West Virginia University
Dr. John F. Baniecki, Extension Specialist in Plant
Pest Management Program
- New York City has been infested with Asian longhorned beetles that have already caused
5,000 trees to be removed. As a remedy, imidacloprid is going to be injected into hardwood
trees in an effort to reach the larvae of the beetle. The beetle has the potential to
cause more tree damage than Dutch elm disease, chestnut blight, and gypsy moths combined
($41 billion in damage by the USDA's estimate). (Environmental News Network) http://www.enn.com.
- USDA Agricultural Research Service (ARS) cooperators have recently elucidated a scenario
in which caterpillar-infested tobacco plants released compounds during the day and night.
Those released at night were repellent to female moths, who are looking for sites to
deposit eggs. This information is in addition to that which demonstrated corn seedlings
released chemicals that attract parasitic wasps when fed upon by caterpillars. (USDA ARS
News Service) www.ars.usda.gov.
- USDA ARS researchers have also determined how to reduce intestinal loads of Salmonella
typhimurium and E. coli 0157:H7 in pigs and cattle. These two
bacteria have an enzyme, nitrate reductase, that is absent in beneficial microorganisms.
When fed sodium chlorate, the enzyme converts chlorate to chlorite,which kills the
bacteria. It is estimated that these two organisms produce 1.5 million cases of food borne
illnessper year. (The Florida Cattleman, April, 2001).
- A whitefly-vectored crinivirus (tomato chlorosis virus) has been detected in tomato
plants grown in Puerto Rico for the first time. Signs of infection include interveinal
chlorosis, necrotic flecking, leaf thickening, and leaf rolling. (ProMED via Agnet, 3/25) www.promedmail.org.
- A whitefly-vectored begomovirus (tomato yellow leaf curl virus Israeli strain) has been
detected in tomato plants grown in Louisiana for the first time. Signs of infection
include severe stunting, leaf cupping, and chlorosis. (ProMED, 3/27).
- Auxein Corporation and Mycotech Corporation have announced their merger into Emerald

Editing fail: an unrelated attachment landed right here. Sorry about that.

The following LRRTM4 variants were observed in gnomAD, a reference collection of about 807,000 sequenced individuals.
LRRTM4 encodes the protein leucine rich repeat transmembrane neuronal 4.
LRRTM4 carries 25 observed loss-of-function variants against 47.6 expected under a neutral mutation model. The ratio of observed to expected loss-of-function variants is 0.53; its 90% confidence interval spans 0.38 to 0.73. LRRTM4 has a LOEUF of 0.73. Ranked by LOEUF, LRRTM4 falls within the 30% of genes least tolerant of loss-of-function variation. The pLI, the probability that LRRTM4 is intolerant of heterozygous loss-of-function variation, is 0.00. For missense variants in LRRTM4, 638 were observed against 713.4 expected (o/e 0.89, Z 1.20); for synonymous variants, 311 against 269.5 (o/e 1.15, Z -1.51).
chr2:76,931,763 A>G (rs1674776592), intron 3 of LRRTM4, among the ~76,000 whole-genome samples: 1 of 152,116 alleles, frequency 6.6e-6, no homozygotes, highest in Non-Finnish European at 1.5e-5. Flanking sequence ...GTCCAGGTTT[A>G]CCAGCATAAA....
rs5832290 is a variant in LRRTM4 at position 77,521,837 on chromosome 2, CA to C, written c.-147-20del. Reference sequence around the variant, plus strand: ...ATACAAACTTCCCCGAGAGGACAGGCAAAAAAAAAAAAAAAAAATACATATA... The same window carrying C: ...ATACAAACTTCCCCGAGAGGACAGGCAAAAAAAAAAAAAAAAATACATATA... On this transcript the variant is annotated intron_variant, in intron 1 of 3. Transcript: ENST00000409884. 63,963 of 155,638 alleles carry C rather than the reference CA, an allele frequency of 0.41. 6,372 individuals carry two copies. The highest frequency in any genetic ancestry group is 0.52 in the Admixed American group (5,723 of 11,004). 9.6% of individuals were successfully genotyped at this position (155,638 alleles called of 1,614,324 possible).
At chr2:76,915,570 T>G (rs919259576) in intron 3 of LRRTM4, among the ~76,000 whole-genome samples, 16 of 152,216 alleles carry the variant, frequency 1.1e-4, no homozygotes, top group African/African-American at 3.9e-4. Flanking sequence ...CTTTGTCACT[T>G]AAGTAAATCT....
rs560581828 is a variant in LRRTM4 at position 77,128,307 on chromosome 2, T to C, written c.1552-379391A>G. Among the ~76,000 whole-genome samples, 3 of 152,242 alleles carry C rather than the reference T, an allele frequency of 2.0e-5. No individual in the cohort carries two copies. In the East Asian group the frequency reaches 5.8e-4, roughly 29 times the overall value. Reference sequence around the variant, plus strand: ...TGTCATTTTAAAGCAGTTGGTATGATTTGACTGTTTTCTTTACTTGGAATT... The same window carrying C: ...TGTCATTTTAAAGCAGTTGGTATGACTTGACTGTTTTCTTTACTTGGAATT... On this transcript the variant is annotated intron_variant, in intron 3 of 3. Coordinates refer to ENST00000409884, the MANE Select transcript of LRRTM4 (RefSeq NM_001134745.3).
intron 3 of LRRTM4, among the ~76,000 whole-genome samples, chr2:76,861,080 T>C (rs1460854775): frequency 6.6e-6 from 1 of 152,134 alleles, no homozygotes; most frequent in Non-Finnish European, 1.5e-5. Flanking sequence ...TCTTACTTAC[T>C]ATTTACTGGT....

BioAgriculture Corporation. The company is based in Lansing, MI with production operations
in Butte, MT. The company has eight EPA-registered products. (Citrus & Vegetable
Magazine, March, 2001).
- A new biological fungicide (Contans® WG) has been granted EPA approval.
Produced by Encore Technologies, the material is billed as the only biological control
product available in the U.S. for controlling Sclerotinia diseases in the soil
(caused by S. sclerotiorum and S. minor). Info. at http://www.contans-wg.com. Akari® 55C
miticide/insecticide (fenpyroximate) for use on greenhouse ornamentals, floral and foliage
crops has received FDACS approval as of February 19, 2001. (Pesticide Registration
Evaluation Committee Agenda, April 5, 2001).
Registrants with Active Pesticide Registrations - 1,963
Farms and Business Sites Regulated Under Pesticide Programs -2,246,512
- Farms- 2,194,070
- Domestic Pesticide Manufacturing Establishments-11,305
- Foreign Pesticide Manufacturing Establishments -1,137
- Commercial Pest Control Firms -40,000
Farm Workers -2,952,600
- Self-employed Farm Workers-1,570,000
- Hired Farm Workers -890,300
- Unpaid Farm Workers -487,500
Certified Applicators -1,187,515
- Private Applicators -803,423
- Commercial Applicators-384,092
Helping you put knowledge to work
The West Virginia University Cooperative Extension
Service, U.S. Department of Agriculture and West Virginia counties cooperating. Equal
Opportunity/Affirmative Action Institution.